You may refer to them as slow-burning carbs, but they're also known as carbs with a low glycemic index. These types of carbs are digested and absorbed -- burned -- more slowly than carbs with a high glycemic index. Eating slow-burning carbs also keeps hunger away and helps with blood sugar control. Slow-burning carbs tend to be higher in fiber, protein or fat and include a variety of different fruits and vegetables, certain types of grains and most legumes and dairy foods.
Slow-burning fruits have a glycemic index of 55 or less, which is true of all slow-burning carbs. Examples include cherries, plums, grapefruit, apples, pears, grapes, oranges, prunes, dried apricots, kiwi and peaches. Filling your diet with low-GI foods may help you reach and maintain a healthy weight, says the Academy of Nutrition and Dietetics. And if you have diabetes, slow-burning carbs may help you gain better control over your blood sugar and lower both cholesterol and triglyceride levels.
Peas, carrots, eggplant, cauliflower, broccoli, onions, lettuce, tomatoes, green beans and red peppers are examples of slow-burning vegetables. Not only are these veggies a good source of energy, but they are also low in calories and high in fiber, potassium, folate and vitamins A and C. People who eat a diet rich in fruits and vegetables reduce their risk of heart disease. These foods may also offer protection against certain types of cancer.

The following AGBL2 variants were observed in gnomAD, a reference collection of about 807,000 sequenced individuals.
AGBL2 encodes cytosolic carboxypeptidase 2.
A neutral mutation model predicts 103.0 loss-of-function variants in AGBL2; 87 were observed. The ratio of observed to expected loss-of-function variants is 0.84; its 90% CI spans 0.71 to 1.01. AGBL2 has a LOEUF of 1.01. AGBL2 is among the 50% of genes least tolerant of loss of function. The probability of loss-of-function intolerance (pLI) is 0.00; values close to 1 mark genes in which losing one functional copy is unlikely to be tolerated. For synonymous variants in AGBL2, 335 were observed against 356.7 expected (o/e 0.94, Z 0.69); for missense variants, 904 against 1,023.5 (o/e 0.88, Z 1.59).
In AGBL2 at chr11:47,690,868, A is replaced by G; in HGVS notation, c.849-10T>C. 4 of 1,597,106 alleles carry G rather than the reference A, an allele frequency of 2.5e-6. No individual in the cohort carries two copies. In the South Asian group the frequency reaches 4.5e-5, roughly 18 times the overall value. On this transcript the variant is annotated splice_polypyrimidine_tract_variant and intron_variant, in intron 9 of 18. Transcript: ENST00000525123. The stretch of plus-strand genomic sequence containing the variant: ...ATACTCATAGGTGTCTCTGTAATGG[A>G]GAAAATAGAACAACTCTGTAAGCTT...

Healthy Grain Choices
In addition to grains such as rice, grain foods include bread, cereal, crackers and pastas. Not all healthy grain choices, such as whole-grain oat cereal, are slow-burning carbs. Those considered slow-burning carbs include oat bran, rolled oats, whole-grain pumpernickel bread, whole-wheat bread, spaghetti, brown rice, pearled barley and wheat tortillas. While spaghetti and other types of pastas are considered slow-burning, cooking affects GI. Cook your pasta al dente to keep GI low.
Sustained Energy With Legumes
When looking to add more slow-burning carbs to your diet, you can't go wrong with legumes, which include mature beans and peas. Kidney beans, butter beans, chickpeas, black-eyed peas, navy beans, lentils and yellow split peas all make good choices. Improve energy levels by adding these beans and peas to your salad, soup and whole-grain side dishes. In addition to being healthy carbs, beans are a good source of protein, as well as zinc and iron.
Make Healthy Dairy Choices
Both milk and yogurt are considered slow-burning carbs. While whole milk and full-fat yogurt may be a good source of energy, they are also high in unhealthy saturated fat. So, when it comes to dairy, you need to be mindful of your choices. Healthy slow-burning dairy foods include skim milk and fat-free, sugar-free yogurt. And for those who don't drink cow's milk, soy milk is also a slow-burning carb.
- NetWellness: Ask an Expert: Slow and Fast Burning Carbs
- Academy of Nutrition and Dietetics: What Is Glycemic Index?
- The GI Diet Guide: High, Medium and Low-GI Foods
- U.S. Department of Agriculture: ChooseMyPlate.gov: Vegetables
- U.S. Department of Agriculture: ChooseMyPlate.gov: Dairy: Tips for Making Wise Choices
- American Diabetic Association: Glycemic Index and Diabetes